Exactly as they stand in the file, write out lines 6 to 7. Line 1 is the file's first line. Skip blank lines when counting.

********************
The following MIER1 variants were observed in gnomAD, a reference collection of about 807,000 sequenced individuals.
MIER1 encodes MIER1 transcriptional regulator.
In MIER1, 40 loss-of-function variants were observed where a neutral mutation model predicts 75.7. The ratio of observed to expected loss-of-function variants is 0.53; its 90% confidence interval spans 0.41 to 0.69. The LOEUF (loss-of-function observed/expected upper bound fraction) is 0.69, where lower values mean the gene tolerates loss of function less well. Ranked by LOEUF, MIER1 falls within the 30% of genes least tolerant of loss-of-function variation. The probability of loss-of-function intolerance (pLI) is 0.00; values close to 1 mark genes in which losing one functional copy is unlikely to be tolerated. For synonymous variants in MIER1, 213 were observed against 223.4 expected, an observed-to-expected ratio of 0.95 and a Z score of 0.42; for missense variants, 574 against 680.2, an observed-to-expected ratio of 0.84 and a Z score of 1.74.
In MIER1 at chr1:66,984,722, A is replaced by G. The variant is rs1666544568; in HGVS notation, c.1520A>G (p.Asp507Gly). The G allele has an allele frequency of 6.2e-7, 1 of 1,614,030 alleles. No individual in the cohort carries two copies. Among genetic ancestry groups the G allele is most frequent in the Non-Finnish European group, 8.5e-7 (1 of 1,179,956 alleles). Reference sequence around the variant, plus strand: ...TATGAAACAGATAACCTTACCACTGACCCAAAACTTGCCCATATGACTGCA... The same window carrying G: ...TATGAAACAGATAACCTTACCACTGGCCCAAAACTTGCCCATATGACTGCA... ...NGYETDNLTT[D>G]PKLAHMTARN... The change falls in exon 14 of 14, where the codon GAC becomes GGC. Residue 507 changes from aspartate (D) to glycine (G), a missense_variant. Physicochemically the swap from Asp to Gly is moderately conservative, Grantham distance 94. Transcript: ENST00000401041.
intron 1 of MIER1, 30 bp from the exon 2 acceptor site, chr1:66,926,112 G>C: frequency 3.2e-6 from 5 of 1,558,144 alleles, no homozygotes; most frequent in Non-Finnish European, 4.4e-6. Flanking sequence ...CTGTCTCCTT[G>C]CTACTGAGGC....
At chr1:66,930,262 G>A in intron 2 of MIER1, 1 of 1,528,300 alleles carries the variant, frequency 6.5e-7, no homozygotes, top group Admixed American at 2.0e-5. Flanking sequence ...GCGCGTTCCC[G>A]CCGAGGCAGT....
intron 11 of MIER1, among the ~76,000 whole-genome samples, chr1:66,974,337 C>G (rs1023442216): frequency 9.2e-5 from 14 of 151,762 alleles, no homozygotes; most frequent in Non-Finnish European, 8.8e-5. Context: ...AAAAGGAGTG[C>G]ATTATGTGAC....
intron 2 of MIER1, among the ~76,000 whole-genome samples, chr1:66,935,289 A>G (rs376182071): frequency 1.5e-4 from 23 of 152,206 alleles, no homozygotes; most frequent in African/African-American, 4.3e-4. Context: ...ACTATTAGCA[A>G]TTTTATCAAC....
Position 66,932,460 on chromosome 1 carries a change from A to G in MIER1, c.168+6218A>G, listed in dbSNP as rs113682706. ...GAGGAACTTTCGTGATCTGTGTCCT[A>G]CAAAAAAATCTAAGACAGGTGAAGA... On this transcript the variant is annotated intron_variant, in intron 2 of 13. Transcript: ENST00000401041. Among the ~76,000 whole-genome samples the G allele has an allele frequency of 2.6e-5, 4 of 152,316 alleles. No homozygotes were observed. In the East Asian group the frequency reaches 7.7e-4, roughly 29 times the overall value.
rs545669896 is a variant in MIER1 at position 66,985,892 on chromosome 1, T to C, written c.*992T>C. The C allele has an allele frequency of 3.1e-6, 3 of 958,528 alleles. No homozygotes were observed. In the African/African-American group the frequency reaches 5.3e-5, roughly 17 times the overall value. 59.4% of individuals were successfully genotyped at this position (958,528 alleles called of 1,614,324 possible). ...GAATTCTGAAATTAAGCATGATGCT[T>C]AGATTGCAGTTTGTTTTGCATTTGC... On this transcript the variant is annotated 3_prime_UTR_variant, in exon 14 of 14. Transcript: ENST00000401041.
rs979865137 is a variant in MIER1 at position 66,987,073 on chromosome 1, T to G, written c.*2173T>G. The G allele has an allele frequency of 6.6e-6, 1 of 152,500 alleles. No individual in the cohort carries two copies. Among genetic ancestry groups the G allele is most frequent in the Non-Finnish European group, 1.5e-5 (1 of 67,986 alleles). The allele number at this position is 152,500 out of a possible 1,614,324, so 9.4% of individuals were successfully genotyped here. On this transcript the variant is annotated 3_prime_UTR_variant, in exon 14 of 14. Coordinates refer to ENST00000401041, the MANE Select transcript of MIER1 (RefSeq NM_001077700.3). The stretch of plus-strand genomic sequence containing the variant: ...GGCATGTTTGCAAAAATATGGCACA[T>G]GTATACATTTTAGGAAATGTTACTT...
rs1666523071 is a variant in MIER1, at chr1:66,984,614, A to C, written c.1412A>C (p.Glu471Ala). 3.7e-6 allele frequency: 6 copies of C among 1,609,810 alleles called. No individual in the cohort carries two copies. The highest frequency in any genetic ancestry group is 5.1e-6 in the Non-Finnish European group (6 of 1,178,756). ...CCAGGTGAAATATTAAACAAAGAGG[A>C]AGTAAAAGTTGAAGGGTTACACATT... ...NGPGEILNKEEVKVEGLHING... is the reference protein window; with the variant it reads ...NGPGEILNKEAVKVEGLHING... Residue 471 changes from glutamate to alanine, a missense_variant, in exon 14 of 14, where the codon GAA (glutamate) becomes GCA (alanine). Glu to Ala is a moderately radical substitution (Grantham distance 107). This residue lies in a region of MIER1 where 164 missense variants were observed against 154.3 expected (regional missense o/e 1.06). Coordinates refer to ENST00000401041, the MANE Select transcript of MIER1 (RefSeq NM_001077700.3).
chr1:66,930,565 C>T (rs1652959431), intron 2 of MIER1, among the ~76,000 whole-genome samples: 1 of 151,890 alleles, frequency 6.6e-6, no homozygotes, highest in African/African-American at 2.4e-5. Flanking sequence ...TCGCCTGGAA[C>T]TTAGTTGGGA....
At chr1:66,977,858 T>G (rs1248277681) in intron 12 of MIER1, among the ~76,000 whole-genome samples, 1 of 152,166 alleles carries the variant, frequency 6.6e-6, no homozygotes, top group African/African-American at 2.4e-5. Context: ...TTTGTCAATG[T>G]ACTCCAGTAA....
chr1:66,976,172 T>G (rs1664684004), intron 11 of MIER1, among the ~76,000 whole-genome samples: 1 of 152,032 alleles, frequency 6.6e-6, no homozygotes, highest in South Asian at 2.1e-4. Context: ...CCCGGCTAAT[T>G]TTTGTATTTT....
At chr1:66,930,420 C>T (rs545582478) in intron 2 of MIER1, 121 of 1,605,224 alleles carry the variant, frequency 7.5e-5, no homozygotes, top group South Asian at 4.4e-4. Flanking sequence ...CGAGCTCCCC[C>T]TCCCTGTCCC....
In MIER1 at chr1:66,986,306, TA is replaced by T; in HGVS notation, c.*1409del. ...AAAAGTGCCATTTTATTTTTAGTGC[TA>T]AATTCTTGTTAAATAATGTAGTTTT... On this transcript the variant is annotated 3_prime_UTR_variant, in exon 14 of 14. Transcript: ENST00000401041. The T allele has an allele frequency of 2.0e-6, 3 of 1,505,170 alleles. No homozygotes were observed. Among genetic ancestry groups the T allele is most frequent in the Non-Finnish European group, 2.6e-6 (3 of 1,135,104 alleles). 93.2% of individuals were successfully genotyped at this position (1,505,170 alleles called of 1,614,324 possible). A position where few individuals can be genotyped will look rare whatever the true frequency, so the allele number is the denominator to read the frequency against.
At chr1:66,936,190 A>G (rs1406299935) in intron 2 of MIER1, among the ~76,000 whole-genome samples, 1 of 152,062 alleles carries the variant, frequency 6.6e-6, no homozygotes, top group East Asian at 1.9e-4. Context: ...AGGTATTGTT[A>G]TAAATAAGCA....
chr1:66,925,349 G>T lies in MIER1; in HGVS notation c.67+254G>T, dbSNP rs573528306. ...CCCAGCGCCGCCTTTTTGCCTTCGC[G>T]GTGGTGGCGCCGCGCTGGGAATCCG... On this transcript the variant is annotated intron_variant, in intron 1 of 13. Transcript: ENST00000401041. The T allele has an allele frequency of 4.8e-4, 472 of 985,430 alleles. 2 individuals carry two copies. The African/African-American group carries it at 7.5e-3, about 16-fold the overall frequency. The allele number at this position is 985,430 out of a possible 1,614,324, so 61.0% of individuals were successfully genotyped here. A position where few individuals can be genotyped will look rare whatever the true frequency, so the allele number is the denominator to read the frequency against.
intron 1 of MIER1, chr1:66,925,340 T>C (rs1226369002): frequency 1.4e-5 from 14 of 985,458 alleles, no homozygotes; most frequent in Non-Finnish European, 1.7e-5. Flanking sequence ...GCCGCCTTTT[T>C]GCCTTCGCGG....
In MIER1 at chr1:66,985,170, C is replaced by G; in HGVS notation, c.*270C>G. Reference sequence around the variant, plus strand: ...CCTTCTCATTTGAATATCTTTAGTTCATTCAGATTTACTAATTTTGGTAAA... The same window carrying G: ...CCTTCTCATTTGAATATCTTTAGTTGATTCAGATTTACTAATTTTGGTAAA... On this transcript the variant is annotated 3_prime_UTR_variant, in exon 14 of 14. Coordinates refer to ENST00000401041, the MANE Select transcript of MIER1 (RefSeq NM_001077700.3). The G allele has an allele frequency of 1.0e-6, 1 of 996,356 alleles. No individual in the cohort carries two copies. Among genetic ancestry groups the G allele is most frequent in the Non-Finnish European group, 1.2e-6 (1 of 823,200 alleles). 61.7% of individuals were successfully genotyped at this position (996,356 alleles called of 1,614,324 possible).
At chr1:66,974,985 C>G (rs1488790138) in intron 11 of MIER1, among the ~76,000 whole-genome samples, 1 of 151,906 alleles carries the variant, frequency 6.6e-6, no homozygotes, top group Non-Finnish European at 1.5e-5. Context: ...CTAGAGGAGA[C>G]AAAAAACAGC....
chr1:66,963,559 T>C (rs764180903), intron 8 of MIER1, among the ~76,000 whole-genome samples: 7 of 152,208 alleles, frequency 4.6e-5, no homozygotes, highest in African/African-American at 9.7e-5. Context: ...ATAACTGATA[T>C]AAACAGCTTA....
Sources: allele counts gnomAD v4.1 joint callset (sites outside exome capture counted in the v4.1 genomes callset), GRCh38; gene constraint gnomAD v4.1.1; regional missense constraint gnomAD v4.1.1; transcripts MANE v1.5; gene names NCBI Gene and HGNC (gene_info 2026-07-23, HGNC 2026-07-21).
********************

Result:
At chr1:66,930,262 G>A in intron 2 of MIER1, 1 of 1,528,300 alleles carries the variant, frequency 6.5e-7, no homozygotes, top group Admixed American at 2.0e-5. Flanking sequence ...GCGCGTTCCC[G>A]CCGAGGCAGT....
intron 11 of MIER1, among the ~76,000 whole-genome samples, chr1:66,974,337 C>G (rs1023442216): frequency 9.2e-5 from 14 of 151,762 alleles, no homozygotes; most frequent in Non-Finnish European, 8.8e-5. Context: ...AAAAGGAGTG[C>G]ATTATGTGAC....